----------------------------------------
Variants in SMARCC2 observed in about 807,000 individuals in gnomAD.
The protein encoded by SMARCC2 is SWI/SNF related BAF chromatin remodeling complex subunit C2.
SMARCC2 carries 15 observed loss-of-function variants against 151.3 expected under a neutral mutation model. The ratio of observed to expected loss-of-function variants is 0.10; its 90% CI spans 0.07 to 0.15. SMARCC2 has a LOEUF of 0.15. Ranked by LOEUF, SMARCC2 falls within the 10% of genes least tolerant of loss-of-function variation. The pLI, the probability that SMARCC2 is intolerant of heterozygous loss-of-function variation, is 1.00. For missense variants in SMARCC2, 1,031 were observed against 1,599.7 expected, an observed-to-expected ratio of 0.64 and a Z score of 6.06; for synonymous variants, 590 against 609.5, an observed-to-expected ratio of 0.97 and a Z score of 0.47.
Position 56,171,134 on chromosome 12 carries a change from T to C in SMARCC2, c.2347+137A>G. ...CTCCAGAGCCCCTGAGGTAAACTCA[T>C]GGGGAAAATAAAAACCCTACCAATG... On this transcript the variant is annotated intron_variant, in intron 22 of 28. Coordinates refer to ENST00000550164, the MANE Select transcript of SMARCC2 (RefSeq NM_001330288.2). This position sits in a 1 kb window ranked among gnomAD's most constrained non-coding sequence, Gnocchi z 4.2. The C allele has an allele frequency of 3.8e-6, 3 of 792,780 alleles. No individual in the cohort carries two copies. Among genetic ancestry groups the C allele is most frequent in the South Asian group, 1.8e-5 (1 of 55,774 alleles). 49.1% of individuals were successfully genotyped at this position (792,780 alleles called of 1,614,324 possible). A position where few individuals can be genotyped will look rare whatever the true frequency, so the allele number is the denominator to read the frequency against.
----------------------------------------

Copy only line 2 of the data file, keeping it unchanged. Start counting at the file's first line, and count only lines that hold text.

The protein encoded by SMARCC2 is SWI/SNF related BAF chromatin remodeling complex subunit C2.